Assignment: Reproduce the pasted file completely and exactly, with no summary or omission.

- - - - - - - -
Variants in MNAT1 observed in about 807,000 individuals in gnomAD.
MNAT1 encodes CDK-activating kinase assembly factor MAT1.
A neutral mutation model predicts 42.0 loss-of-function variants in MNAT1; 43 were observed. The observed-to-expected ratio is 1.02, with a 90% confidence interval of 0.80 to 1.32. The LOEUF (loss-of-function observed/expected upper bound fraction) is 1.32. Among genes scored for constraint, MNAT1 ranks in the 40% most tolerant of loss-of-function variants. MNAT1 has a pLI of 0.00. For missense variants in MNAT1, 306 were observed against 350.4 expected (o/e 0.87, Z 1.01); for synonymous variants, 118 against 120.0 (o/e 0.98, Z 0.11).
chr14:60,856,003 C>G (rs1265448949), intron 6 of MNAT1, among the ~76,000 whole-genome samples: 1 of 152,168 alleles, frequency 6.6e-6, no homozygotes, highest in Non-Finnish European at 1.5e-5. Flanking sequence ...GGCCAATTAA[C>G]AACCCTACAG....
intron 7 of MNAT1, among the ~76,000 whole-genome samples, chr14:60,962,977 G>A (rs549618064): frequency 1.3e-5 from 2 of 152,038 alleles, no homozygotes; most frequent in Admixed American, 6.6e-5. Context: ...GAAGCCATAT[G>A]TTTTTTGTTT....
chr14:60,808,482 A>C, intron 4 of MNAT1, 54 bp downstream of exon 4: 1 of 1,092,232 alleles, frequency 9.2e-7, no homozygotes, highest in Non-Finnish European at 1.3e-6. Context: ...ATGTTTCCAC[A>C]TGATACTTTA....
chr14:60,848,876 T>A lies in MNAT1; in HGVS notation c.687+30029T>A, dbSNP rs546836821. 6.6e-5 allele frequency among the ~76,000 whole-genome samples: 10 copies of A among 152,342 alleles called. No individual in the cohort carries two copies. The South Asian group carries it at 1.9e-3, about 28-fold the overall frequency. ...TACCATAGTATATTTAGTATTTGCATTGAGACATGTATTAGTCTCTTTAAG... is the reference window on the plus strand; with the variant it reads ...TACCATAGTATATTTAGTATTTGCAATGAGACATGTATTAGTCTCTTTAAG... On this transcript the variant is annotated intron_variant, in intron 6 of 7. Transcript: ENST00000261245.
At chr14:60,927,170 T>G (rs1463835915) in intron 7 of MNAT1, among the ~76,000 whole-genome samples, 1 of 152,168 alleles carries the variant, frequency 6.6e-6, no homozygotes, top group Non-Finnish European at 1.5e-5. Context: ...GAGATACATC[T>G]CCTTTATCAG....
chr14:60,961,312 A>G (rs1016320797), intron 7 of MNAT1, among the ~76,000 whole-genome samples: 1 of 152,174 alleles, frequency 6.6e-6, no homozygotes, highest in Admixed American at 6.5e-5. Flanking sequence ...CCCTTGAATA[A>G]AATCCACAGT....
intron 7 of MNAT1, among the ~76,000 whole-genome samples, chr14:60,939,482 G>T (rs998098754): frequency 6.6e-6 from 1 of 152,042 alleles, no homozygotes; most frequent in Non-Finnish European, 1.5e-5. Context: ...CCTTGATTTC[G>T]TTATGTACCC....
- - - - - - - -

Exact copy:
Variants in MNAT1 observed in about 807,000 individuals in gnomAD.
MNAT1 encodes CDK-activating kinase assembly factor MAT1.
A neutral mutation model predicts 42.0 loss-of-function variants in MNAT1; 43 were observed. The observed-to-expected ratio is 1.02, with a 90% confidence interval of 0.80 to 1.32. The LOEUF (loss-of-function observed/expected upper bound fraction) is 1.32. Among genes scored for constraint, MNAT1 ranks in the 40% most tolerant of loss-of-function variants. MNAT1 has a pLI of 0.00. For missense variants in MNAT1, 306 were observed against 350.4 expected (o/e 0.87, Z 1.01); for synonymous variants, 118 against 120.0 (o/e 0.98, Z 0.11).
chr14:60,856,003 C>G (rs1265448949), intron 6 of MNAT1, among the ~76,000 whole-genome samples: 1 of 152,168 alleles, frequency 6.6e-6, no homozygotes, highest in Non-Finnish European at 1.5e-5. Flanking sequence ...GGCCAATTAA[C>G]AACCCTACAG....
intron 7 of MNAT1, among the ~76,000 whole-genome samples, chr14:60,962,977 G>A (rs549618064): frequency 1.3e-5 from 2 of 152,038 alleles, no homozygotes; most frequent in Admixed American, 6.6e-5. Context: ...GAAGCCATAT[G>A]TTTTTTGTTT....
chr14:60,808,482 A>C, intron 4 of MNAT1, 54 bp downstream of exon 4: 1 of 1,092,232 alleles, frequency 9.2e-7, no homozygotes, highest in Non-Finnish European at 1.3e-6. Context: ...ATGTTTCCAC[A>C]TGATACTTTA....
chr14:60,848,876 T>A lies in MNAT1; in HGVS notation c.687+30029T>A, dbSNP rs546836821. 6.6e-5 allele frequency among the ~76,000 whole-genome samples: 10 copies of A among 152,342 alleles called. No individual in the cohort carries two copies. The South Asian group carries it at 1.9e-3, about 28-fold the overall frequency. ...TACCATAGTATATTTAGTATTTGCATTGAGACATGTATTAGTCTCTTTAAG... is the reference window on the plus strand; with the variant it reads ...TACCATAGTATATTTAGTATTTGCAATGAGACATGTATTAGTCTCTTTAAG... On this transcript the variant is annotated intron_variant, in intron 6 of 7. Transcript: ENST00000261245.
At chr14:60,927,170 T>G (rs1463835915) in intron 7 of MNAT1, among the ~76,000 whole-genome samples, 1 of 152,168 alleles carries the variant, frequency 6.6e-6, no homozygotes, top group Non-Finnish European at 1.5e-5. Context: ...GAGATACATC[T>G]CCTTTATCAG....
chr14:60,961,312 A>G (rs1016320797), intron 7 of MNAT1, among the ~76,000 whole-genome samples: 1 of 152,174 alleles, frequency 6.6e-6, no homozygotes, highest in Admixed American at 6.5e-5. Flanking sequence ...CCCTTGAATA[A>G]AATCCACAGT....
intron 7 of MNAT1, among the ~76,000 whole-genome samples, chr14:60,939,482 G>T (rs998098754): frequency 6.6e-6 from 1 of 152,042 alleles, no homozygotes; most frequent in Non-Finnish European, 1.5e-5. Context: ...CCTTGATTTC[G>T]TTATGTACCC....